If you’re interested in health care and assisting women in their most intimate moments, consider a career in women’s care. The field focuses on helping patients manage potentially stressful medical situations and providing emotional support, making it a fulfilling and rewarding career path. OB-GYN nurses offer prenatal and postpartum care, help doctors during deliveries and educate pregnant women about the best ways to stay healthy during pregnancy. Some OB-GYNs also specialize in other areas of women’s health, such as family planning.

OB-GYN Nurse

Women’s care specialists such as OB nurses provide female patients with reproductive health care throughout their lifespan, from puberty to menopause. They perform a variety of exams, diagnose diseases, and administer medication. Strong communication skills allow them to liaise with other medical professionals and effectively explain treatment plans and care. Emotional stability and attention to detail are also crucial in this career. The career path to becoming an OB-GYN nurse can take an average of two years for an associate degree in nursing (ADN) or four years for a bachelor of science in nursing (BSN). Most employers require an RN license and experience in obstetrics and gynecology before accepting applications.

Infertility Specialist

A fertility specialist, also called a reproductive endocrinologist, is trained in a subspecialty of Obstetrics and Gynecology (OB/GYN) called Reproductive Endocrinology and Infertility (REI). They have completed medical school, four years of an OB/GYN residency, and then specialized in REI for three more years. Fertility specialists evaluate patients and help couples conceive children. They diagnose infertility problems and offer various treatment options, including in vitro fertilization. A fertility specialist can also identify and treat other underlying conditions that may make it difficult to conceive, such as endometriosis, polycystic ovary syndrome, or scarring in the fallopian tubes. They may also perform imaging tests, such as pelvic ultrasound and laparoscopy.

Gynecological Cancer Specialist

Gynecological cancers develop in the cells of the cervix, uterus, ovaries, fallopian tubes, or vagina. They can cause various symptoms, including abnormal bleeding, pain, spotting, and discharge. A gynecological oncologist is a doctor who has received special training in diagnosing and treating cancers that affect the female reproductive system. They have completed a residency program and then a fellowship in obstetrics and gynecology, plus three to four additional years of specific training in cancer surgery and chemotherapy administration.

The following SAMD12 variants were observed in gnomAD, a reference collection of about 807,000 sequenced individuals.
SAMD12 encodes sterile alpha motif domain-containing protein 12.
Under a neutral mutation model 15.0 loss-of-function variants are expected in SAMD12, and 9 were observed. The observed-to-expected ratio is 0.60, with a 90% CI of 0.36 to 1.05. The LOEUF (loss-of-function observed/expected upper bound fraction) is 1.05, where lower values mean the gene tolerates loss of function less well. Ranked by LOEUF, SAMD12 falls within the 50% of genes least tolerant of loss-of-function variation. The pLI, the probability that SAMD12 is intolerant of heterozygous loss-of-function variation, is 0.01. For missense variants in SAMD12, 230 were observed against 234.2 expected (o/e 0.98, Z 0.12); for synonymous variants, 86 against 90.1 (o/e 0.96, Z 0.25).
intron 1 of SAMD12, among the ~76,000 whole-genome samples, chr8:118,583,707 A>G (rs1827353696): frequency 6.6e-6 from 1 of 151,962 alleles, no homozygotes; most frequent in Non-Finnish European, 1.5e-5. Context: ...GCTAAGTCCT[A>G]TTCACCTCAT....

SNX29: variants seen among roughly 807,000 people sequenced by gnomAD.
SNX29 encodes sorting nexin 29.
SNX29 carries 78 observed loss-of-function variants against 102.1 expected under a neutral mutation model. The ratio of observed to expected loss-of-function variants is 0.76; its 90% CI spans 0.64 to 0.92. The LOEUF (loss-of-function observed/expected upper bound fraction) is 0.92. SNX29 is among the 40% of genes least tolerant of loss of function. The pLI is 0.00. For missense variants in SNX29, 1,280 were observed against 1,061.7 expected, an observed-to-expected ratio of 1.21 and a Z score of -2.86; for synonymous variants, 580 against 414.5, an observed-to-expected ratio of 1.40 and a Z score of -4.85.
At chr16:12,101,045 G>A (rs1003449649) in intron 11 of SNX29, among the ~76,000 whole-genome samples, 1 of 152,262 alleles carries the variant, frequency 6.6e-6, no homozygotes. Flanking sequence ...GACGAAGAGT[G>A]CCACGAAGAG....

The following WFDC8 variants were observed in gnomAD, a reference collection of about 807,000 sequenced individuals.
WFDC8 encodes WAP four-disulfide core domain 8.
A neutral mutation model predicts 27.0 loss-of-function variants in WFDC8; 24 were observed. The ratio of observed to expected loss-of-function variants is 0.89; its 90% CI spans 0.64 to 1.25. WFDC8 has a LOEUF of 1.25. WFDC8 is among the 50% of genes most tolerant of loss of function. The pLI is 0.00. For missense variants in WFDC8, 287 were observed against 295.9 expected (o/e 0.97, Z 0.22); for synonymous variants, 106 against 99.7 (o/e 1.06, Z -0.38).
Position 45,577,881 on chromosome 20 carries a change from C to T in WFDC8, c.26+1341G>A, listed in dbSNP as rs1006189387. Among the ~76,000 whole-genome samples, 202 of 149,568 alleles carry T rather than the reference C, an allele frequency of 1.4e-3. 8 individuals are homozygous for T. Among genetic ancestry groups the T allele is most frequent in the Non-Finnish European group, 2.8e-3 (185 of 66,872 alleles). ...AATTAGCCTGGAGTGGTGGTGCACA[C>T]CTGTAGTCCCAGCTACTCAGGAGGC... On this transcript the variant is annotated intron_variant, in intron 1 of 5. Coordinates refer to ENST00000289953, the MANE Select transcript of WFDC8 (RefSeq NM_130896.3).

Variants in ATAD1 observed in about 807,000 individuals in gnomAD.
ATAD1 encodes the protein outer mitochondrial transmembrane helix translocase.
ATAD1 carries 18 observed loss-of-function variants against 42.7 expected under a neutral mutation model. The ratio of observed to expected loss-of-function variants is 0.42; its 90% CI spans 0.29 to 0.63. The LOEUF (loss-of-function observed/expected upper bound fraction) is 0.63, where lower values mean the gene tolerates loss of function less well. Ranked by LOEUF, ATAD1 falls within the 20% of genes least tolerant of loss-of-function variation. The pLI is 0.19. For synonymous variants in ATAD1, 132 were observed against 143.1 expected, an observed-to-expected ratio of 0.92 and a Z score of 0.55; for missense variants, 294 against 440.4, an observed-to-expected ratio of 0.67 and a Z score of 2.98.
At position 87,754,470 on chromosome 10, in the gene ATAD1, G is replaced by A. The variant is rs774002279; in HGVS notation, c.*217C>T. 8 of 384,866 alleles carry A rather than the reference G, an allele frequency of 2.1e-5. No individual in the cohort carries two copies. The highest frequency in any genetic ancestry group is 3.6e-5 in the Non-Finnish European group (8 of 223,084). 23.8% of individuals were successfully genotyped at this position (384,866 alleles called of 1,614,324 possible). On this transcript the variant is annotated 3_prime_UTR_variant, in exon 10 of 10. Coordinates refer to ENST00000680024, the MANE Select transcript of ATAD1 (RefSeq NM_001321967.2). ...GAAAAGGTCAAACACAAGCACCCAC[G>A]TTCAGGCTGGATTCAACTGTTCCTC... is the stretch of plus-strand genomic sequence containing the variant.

Surgical Technician

If you’re a woman, you’ll want to choose a doctor specializing in women’s health. This is because women’s healthcare needs change significantly as they age and at various stages of their lives. Surgical technologists (also called operating room technicians) assist surgeons and other medical professionals in surgical procedures, helping prepare the operating room and ensuring patients are comfortable throughout the process. They may also help with anesthesia or sterile equipment, such as dressings and drapes. Surgical technologists must be able to work well under pressure and anticipate the needs of their colleagues and patients. This is because they are directly involved in surgeries that can significantly impact the patient’s life.

Women’s Health Manager

The role of a women’s health manager involves overseeing women’s care departments and helping to improve patient outcomes. This position is ideal for someone who wants to impact the healthcare industry positively.

Whether you’re a business leader with an MBA or a social worker who completed an internship with a women’s organization, the field of women’s health is home to an expansive array of career opportunities. These positions also offer a high earning potential and great job outlooks.